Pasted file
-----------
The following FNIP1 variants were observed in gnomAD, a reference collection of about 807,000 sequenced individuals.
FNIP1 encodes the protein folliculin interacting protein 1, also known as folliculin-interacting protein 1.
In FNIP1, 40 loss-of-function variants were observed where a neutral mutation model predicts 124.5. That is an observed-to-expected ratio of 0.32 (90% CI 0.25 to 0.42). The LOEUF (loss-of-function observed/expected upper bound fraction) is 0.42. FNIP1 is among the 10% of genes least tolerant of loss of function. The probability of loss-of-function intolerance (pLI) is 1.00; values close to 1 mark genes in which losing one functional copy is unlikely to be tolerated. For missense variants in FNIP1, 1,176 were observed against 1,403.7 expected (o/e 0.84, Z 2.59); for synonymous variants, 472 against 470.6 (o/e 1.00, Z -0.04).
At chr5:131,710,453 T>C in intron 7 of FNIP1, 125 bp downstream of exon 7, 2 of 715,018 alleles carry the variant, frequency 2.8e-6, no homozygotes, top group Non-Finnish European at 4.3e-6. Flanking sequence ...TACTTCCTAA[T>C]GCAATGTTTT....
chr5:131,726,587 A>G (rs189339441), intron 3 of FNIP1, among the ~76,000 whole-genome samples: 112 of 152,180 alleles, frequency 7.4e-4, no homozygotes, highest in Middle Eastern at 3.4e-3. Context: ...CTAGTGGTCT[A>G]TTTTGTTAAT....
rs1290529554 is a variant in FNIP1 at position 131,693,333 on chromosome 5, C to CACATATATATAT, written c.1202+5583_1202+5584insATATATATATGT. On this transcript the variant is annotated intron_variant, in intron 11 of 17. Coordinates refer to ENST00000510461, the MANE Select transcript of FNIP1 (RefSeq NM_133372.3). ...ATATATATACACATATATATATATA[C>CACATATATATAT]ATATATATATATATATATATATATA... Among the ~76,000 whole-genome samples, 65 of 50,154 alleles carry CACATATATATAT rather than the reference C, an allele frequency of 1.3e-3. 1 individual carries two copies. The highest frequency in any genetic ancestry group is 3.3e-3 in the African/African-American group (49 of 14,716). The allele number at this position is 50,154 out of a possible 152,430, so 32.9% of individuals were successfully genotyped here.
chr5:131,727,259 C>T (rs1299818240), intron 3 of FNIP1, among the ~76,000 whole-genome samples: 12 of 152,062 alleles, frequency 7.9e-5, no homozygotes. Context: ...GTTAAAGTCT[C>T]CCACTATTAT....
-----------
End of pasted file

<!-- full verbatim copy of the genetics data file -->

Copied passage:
The following FNIP1 variants were observed in gnomAD, a reference collection of about 807,000 sequenced individuals.
FNIP1 encodes the protein folliculin interacting protein 1, also known as folliculin-interacting protein 1.
In FNIP1, 40 loss-of-function variants were observed where a neutral mutation model predicts 124.5. That is an observed-to-expected ratio of 0.32 (90% CI 0.25 to 0.42). The LOEUF (loss-of-function observed/expected upper bound fraction) is 0.42. FNIP1 is among the 10% of genes least tolerant of loss of function. The probability of loss-of-function intolerance (pLI) is 1.00; values close to 1 mark genes in which losing one functional copy is unlikely to be tolerated. For missense variants in FNIP1, 1,176 were observed against 1,403.7 expected (o/e 0.84, Z 2.59); for synonymous variants, 472 against 470.6 (o/e 1.00, Z -0.04).
At chr5:131,710,453 T>C in intron 7 of FNIP1, 125 bp downstream of exon 7, 2 of 715,018 alleles carry the variant, frequency 2.8e-6, no homozygotes, top group Non-Finnish European at 4.3e-6. Flanking sequence ...TACTTCCTAA[T>C]GCAATGTTTT....
chr5:131,726,587 A>G (rs189339441), intron 3 of FNIP1, among the ~76,000 whole-genome samples: 112 of 152,180 alleles, frequency 7.4e-4, no homozygotes, highest in Middle Eastern at 3.4e-3. Context: ...CTAGTGGTCT[A>G]TTTTGTTAAT....
rs1290529554 is a variant in FNIP1 at position 131,693,333 on chromosome 5, C to CACATATATATAT, written c.1202+5583_1202+5584insATATATATATGT. On this transcript the variant is annotated intron_variant, in intron 11 of 17. Coordinates refer to ENST00000510461, the MANE Select transcript of FNIP1 (RefSeq NM_133372.3). ...ATATATATACACATATATATATATA[C>CACATATATATAT]ATATATATATATATATATATATATA... Among the ~76,000 whole-genome samples, 65 of 50,154 alleles carry CACATATATATAT rather than the reference C, an allele frequency of 1.3e-3. 1 individual carries two copies. The highest frequency in any genetic ancestry group is 3.3e-3 in the African/African-American group (49 of 14,716). The allele number at this position is 50,154 out of a possible 152,430, so 32.9% of individuals were successfully genotyped here.
chr5:131,727,259 C>T (rs1299818240), intron 3 of FNIP1, among the ~76,000 whole-genome samples: 12 of 152,062 alleles, frequency 7.9e-5, no homozygotes. Context: ...GTTAAAGTCT[C>T]CCACTATTAT....